DECIPHERING how a synthetic chemical compound behaves in nature might prove a harder task than the time spent creating it in the lab.
That’s particularly the case for one group of complex organic compounds known as Per- and polyfluoroalkyl substances or PFASs, created in the 1940s and including PFOA and PFOS. They have many applications but are particularly known for use in fire-fighting foams. However, since the 2000s, it’s been recognised that in seeking to solve one problem, we created another: a recognised bio-accumulative contaminant that is very persistent in the environment.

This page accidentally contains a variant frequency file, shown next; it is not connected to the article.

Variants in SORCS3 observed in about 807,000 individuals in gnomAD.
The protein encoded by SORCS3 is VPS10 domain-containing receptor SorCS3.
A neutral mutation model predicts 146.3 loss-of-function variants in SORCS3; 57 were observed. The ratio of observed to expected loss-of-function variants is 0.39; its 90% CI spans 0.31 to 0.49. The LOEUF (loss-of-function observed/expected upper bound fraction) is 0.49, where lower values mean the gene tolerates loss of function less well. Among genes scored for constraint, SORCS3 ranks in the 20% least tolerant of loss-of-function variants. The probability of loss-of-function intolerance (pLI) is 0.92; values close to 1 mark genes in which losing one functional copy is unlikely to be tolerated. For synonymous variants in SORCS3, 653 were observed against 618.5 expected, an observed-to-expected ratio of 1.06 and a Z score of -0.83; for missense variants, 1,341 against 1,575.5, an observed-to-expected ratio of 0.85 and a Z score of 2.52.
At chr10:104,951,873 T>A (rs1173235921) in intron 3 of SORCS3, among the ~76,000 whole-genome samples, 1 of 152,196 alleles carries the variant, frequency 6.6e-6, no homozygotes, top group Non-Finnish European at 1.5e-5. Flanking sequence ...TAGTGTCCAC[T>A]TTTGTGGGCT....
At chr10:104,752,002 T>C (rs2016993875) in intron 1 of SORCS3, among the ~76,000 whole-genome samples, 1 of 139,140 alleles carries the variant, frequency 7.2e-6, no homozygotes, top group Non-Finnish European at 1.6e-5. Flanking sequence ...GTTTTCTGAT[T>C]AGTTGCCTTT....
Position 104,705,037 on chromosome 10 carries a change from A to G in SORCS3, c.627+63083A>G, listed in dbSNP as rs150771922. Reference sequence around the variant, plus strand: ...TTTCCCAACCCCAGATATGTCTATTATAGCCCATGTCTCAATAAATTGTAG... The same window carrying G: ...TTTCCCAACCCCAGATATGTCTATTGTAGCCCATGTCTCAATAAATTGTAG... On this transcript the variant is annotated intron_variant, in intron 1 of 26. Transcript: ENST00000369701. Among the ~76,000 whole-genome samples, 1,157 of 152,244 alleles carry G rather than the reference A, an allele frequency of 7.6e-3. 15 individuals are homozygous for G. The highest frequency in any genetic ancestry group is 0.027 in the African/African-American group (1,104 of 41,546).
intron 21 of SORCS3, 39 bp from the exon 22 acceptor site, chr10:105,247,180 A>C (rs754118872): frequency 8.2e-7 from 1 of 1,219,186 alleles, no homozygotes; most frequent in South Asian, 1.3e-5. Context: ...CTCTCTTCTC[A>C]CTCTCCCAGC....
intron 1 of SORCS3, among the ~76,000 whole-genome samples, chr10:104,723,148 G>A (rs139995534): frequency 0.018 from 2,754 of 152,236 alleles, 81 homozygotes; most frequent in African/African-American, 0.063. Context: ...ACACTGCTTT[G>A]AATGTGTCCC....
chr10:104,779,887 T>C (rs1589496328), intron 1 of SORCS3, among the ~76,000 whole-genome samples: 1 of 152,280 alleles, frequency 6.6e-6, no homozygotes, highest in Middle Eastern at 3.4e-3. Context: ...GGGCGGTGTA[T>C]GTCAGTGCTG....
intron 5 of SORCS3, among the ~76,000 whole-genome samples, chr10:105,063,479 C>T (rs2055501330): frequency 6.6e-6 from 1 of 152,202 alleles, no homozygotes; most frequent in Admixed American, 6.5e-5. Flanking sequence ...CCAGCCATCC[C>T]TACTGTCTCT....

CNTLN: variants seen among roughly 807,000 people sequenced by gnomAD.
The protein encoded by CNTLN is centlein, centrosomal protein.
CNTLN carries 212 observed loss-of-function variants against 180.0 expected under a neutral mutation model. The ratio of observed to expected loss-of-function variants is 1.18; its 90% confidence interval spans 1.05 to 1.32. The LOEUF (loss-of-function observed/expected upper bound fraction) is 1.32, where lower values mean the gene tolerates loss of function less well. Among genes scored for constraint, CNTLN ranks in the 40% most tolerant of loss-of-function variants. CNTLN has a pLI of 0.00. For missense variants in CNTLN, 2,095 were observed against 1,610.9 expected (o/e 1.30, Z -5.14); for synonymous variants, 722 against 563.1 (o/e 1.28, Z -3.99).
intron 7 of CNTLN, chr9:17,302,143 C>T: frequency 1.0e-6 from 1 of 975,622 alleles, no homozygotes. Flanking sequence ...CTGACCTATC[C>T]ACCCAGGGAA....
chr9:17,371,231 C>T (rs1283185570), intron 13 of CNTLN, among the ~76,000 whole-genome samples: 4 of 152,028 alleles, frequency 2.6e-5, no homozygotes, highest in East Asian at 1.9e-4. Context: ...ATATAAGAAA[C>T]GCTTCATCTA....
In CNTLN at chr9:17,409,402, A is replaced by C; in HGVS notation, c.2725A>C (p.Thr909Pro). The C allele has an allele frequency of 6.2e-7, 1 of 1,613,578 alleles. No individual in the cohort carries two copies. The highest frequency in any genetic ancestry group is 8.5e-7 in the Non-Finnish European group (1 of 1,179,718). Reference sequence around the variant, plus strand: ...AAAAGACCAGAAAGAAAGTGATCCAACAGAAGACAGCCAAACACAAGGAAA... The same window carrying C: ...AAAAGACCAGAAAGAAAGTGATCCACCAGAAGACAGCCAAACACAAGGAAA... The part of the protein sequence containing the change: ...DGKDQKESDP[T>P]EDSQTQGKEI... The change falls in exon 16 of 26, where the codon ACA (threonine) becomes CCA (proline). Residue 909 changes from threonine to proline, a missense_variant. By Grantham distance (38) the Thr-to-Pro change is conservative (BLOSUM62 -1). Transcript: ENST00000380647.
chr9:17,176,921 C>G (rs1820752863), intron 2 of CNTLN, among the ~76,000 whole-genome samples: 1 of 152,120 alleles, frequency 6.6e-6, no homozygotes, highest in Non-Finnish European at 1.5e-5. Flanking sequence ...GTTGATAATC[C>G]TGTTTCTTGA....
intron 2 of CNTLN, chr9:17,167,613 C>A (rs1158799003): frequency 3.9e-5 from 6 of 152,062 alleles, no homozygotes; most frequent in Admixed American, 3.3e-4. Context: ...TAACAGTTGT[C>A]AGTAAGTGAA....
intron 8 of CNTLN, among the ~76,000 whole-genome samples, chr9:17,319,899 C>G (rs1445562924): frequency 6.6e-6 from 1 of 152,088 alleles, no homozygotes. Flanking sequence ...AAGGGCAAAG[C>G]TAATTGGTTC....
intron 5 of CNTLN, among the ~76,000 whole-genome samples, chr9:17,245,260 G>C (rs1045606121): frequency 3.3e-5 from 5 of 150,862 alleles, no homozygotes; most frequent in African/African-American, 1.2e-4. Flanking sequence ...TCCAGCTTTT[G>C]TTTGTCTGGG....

The first exhaustive audit of peer-reviewed research on the behaviour of PFAS in soils has highlighted the urgent need for more focused investigation to decode how long-chain, and the short-chain PFASs created to replace them, move through soils and leach into the environment.
In a paper published in Science of the Total Environment, Dr Rai Kookana and co-authors suggest we need a far better understanding of the behaviour of PFASs in soil if we are to develop the effective methods required for decontamination – and it might require a united global research effort.